Black KkKlansman (2018)– So what do you get if you cross Cyrano de Bergerac with Blazing Saddles? You might get Spike Lee’s Black KkKlansman. That is not to say that Lee’s film is a knee-slapping comedy; far from it. Lee takes the true story of Ron Stallworth (John David Washington), an African-American undercover cop who managed to infiltrate the KKK in Colorado in the early 70s and runs with it, in his inimitable fashion.
I think this is Lee’s most affecting and hard-hitting film since Do the Right Thing
(1989). The screenplay (adapted by Charlie Wachtel, David Rabinowitz,
Kevin Willmott and Lee from Stallworth’s eponymous memoir) is equal
parts biopic, docudrama, police procedural and social commentary,
finding a nice balance of drama, humor and suspense. (Full review)
The Black Power Mixtape (2011)–The Black Power movement of the mid-60s to mid-70s has historically been somewhat misrepresented, due to an emphasis on its more sensationalist elements. The time is ripe to re-examine the movement, which despite its failures and flaws, still emerges as one of the last truly progressive grass roots political awakenings that we’ve had in this country (if you’re expecting bandolier-wearing, pistol-waving interviewees spouting fiery Marxist-tinged rhetoric-dispense with that hoary stereotype now).
Director Goran Olsson was given access to a treasure trove of pristine, unedited 16mm footage from the era. The footage, recently discovered tucked away in the basement of Swedish Television, represents nearly a decade of candid interviews with key movement leaders, as well as meticulous documentation of Black Panther Party activities and African-American inner city life. Olsson presents the clips in a historically chronological timeline, with minimal present-day commentary. While not perfect, it is an important historical document, and one of the more eye-opening films I have seen on this subject. (Full review)
The Boys of Baraka (2005) – Co-directors Heidi Ewing and Rachel Grady have fashioned a fresh and inspiring take on a well-worn cause celebre: the sad, shameful state of America’s inner-city school system. Eschewing the usual hand-wringing about the underfunded, over-crowded, glorified daycare centers that many of these institutions have become for poor, disenfranchised urban youth, the filmmakers chose to showcase one program that strove to make a real difference.
The story follows a group of 12-year-old boys from Baltimore who attended a boarding school in Kenya, staffed by American teachers and social workers. In addition to more personalized tutoring, there was emphasis on conflict resolution through communication, tempered by a “tough love” approach. The events that unfold from this bold social experiment (filmed over a three year period) are alternately inspiring and heartbreaking. (Full review)
The Force (2017) – Peter Nicks’ documentary examines the rocky relationship between Oakland’s police department and its communities of color. The force has been under federal oversight since 2002, due to myriad misconduct cases. Nicks utilizes the same cinema verite techniques that made his film The Waiting Room so compelling. It’s like a real-life Joseph Wambaugh novel (The Choirboys comes to mind). The film offers no easy answers-but delivers an intimate, insightful glimpse at both sides. (Full review)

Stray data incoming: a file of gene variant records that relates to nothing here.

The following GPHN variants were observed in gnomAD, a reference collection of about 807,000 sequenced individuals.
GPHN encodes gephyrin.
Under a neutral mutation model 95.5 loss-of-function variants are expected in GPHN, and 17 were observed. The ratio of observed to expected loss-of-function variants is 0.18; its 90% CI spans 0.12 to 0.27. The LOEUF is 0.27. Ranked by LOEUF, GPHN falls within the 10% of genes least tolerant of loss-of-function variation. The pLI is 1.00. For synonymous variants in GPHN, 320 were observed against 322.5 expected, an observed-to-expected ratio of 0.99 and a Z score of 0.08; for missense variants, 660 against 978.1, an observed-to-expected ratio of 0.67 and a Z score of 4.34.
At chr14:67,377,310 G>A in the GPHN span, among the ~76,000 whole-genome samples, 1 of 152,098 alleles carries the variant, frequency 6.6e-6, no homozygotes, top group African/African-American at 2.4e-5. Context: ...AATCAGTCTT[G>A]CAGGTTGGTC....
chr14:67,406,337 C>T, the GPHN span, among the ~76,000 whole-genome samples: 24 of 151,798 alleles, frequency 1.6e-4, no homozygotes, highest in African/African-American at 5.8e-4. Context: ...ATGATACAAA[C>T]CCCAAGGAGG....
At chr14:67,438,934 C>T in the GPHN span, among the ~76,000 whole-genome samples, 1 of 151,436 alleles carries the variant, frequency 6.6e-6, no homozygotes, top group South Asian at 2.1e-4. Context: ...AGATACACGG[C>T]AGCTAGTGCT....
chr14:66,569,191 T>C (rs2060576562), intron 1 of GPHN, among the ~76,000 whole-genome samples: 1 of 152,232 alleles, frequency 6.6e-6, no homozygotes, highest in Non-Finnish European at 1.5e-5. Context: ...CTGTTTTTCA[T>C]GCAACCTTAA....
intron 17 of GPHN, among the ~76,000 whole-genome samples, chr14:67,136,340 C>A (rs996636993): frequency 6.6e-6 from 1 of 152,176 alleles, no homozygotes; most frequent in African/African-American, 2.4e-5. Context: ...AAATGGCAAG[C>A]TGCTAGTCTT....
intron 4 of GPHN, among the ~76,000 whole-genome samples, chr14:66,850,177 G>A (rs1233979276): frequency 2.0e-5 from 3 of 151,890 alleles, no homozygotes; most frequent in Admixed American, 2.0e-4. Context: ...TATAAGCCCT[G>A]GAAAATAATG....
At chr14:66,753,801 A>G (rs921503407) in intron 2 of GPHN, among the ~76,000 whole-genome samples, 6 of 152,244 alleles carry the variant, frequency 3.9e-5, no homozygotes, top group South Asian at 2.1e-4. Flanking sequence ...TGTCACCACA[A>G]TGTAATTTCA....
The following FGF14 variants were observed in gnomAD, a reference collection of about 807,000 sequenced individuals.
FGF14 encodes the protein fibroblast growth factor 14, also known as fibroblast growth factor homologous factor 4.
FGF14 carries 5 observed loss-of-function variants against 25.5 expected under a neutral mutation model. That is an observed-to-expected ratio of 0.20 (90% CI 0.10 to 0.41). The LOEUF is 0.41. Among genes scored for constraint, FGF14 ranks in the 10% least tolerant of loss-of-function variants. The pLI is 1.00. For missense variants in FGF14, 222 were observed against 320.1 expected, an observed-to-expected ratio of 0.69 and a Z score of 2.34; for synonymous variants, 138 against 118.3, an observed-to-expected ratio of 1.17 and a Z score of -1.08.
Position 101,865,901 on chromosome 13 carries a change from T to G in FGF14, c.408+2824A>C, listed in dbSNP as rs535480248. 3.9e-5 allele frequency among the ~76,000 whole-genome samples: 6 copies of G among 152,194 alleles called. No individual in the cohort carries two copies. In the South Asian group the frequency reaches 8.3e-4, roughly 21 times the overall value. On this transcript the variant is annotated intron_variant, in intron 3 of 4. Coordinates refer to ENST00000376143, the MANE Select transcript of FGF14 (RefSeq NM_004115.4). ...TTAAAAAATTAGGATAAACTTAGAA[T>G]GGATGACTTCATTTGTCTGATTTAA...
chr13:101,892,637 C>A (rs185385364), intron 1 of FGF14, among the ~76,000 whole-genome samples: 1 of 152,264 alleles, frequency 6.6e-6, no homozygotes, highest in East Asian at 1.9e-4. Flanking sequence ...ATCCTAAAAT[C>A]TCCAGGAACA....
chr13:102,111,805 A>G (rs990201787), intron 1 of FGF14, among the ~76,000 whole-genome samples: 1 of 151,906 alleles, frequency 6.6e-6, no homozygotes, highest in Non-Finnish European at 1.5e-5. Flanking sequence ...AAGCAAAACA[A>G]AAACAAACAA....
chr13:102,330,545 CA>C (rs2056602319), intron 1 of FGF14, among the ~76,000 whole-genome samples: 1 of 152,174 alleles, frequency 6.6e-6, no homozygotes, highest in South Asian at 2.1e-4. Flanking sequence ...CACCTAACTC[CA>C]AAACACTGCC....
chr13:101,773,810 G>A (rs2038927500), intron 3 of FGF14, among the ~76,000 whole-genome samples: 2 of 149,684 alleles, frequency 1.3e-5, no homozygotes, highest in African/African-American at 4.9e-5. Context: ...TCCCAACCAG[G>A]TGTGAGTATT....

The Girls in the Band (2011)– Contextual to a curiously overlooked component within the annals of American jazz music, it’s tempting to extrapolate on Dr. King’s dream. Wouldn’t it be great to live in a nation where one is not only primarily judged by content of character, but can also be judged on the merits of creativity, or the pure aesthetics of artistic expression, as opposed to being judged solely by the color of one’s skin…or perhaps gender? At the end of the day, what is a “black”, or a “female” jazz musician? Why is it that a Dave Brubeck is never referred to as a “white” or “male” jazz musician?
In her film, director Judy Chaikin chronicles the largely unsung contributions that female jazz musicians (a large portion of them African-American) have made (and continue to make) to this highly influential American art form. Utilizing rare archival footage and interviews with veteran and contemporary players, Chaikin has assembled an absorbing, poignant, and celebratory piece. (Full review)
I Am Not Your Negro (2016)– The late writer and social observer James Baldwin once said that “Whatever white people do not know about Negroes reveals, precisely and inexorably, what they do not know about themselves.” Sadly, thanks to the emboldening of certain elements within American society that have been drawn from the shadows by the openly racist rhetoric spouting from our nation’s current leader, truer words have never been spoken. Indeed, anyone who watches Raoul Peck’s documentary will recognize not only the beauty of Baldwin’s prose, but the prescience of such observations.
Both are on full display throughout Peck’s timely treatise on race relations in America, in which he mixes archival news footage, movie clips, and excerpts from Baldwin’s TV appearances with narration by an uncharacteristically subdued Samuel L. Jackson, reading excerpts from Baldwin’s unfinished book, Remember This House. An excellent and enlightening film. (Full review)
In the Heat of the Night(1967)– “They call me Mister Tibbs!” In this classic (which won 1967’s Best Picture Oscar) Sidney Poitier plays a cosmopolitan police detective from Philly who gets waylaid in a torpid Mississippi backwater, where he is reluctantly recruited into helping the bigoted sheriff (Rod Steiger) solve a local murder. Poitier nails his performance; you can feel Virgil Tibb’s pain as he tries to maintain his professional cool amidst a brace of surly rednecks, who throw up roadblocks at every turn.